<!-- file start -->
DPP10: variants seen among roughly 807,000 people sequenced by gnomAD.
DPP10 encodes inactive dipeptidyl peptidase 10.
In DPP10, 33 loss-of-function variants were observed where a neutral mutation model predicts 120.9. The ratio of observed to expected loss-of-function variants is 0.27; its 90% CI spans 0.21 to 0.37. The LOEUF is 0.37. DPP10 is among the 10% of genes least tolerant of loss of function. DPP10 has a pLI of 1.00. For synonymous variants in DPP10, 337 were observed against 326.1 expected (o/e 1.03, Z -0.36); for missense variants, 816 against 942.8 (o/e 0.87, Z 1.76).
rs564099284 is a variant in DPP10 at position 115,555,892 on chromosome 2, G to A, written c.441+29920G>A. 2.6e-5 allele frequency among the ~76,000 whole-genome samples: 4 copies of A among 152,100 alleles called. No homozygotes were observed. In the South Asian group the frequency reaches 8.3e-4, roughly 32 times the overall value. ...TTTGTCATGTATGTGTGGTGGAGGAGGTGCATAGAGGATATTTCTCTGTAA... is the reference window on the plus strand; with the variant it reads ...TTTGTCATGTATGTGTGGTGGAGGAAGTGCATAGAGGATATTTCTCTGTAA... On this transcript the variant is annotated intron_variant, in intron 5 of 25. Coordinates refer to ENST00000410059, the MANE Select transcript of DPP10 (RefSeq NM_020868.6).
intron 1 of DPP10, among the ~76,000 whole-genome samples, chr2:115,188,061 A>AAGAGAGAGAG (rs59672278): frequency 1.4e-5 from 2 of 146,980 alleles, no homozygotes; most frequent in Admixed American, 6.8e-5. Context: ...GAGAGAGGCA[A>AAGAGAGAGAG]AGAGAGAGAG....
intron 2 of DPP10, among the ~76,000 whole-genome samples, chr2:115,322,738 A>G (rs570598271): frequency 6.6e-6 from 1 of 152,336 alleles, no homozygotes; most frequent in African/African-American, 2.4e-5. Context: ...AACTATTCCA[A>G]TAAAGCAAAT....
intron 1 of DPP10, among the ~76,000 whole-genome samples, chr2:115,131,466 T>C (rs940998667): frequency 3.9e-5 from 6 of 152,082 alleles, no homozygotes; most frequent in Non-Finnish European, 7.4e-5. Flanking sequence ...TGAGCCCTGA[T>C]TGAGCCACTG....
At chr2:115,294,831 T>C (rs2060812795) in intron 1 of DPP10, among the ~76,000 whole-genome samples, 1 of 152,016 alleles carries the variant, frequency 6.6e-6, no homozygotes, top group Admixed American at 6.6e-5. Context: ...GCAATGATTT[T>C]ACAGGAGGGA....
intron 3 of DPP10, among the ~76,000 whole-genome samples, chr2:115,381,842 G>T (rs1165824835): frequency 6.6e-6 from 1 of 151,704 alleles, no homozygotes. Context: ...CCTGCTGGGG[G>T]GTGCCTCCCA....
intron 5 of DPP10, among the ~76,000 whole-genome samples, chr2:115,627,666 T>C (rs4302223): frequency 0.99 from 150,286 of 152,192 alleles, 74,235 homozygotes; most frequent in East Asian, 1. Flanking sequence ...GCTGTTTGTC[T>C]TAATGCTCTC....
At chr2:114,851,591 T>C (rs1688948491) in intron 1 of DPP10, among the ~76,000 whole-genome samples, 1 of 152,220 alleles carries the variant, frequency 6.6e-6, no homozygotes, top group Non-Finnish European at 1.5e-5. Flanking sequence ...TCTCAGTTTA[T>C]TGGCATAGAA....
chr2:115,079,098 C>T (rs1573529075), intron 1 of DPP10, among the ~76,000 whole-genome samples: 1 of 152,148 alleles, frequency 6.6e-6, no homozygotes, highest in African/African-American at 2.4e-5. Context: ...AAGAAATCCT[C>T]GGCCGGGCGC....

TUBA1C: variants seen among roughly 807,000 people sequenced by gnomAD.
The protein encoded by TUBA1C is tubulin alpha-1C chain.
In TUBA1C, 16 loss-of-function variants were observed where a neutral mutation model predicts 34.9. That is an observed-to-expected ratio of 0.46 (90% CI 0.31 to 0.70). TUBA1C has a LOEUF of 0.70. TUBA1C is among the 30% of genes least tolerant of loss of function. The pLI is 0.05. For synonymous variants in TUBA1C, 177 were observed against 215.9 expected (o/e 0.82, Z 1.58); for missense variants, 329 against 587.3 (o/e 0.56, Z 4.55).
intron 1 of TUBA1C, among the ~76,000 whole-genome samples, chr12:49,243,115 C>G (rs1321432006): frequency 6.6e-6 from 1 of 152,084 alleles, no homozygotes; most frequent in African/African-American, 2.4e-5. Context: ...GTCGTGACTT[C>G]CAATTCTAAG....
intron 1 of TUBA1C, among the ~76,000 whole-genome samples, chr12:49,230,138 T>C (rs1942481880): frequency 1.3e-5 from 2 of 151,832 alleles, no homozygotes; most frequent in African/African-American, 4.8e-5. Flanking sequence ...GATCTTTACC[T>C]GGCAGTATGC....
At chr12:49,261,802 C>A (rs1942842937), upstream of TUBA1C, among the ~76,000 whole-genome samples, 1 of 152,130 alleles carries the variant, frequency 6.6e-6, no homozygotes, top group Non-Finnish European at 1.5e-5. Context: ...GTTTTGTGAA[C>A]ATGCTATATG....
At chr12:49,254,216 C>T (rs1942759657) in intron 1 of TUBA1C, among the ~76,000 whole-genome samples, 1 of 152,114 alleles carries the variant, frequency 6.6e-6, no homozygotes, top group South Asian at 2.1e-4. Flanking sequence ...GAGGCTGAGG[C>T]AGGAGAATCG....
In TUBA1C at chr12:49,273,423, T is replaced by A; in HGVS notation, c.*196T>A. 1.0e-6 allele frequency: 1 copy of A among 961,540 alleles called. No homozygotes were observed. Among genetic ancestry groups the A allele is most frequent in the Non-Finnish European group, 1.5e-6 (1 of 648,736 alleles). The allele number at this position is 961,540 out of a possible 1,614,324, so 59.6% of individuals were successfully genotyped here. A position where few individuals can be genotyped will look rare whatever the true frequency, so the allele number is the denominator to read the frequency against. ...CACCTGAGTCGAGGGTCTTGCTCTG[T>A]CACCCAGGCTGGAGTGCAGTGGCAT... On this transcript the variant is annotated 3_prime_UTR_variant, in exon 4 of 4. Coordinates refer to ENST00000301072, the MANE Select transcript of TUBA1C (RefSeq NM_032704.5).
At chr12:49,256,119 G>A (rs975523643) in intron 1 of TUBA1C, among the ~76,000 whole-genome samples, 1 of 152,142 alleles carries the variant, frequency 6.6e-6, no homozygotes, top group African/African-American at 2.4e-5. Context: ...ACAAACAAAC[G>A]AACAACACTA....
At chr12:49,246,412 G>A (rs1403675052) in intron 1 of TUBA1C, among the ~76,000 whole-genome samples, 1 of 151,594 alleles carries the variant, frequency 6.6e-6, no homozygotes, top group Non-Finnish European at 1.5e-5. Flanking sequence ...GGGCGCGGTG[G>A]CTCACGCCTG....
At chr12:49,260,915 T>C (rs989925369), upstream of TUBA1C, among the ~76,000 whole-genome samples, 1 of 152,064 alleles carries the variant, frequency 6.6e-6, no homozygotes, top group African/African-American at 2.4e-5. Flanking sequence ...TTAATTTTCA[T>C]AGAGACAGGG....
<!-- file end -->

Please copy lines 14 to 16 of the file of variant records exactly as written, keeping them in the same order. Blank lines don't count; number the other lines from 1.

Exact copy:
The protein encoded by TUBA1C is tubulin alpha-1C chain.
In TUBA1C, 16 loss-of-function variants were observed where a neutral mutation model predicts 34.9. That is an observed-to-expected ratio of 0.46 (90% CI 0.31 to 0.70). TUBA1C has a LOEUF of 0.70. TUBA1C is among the 30% of genes least tolerant of loss of function. The pLI is 0.05. For synonymous variants in TUBA1C, 177 were observed against 215.9 expected (o/e 0.82, Z 1.58); for missense variants, 329 against 587.3 (o/e 0.56, Z 4.55).
intron 1 of TUBA1C, among the ~76,000 whole-genome samples, chr12:49,243,115 C>G (rs1321432006): frequency 6.6e-6 from 1 of 152,084 alleles, no homozygotes; most frequent in African/African-American, 2.4e-5. Context: ...GTCGTGACTT[C>G]CAATTCTAAG....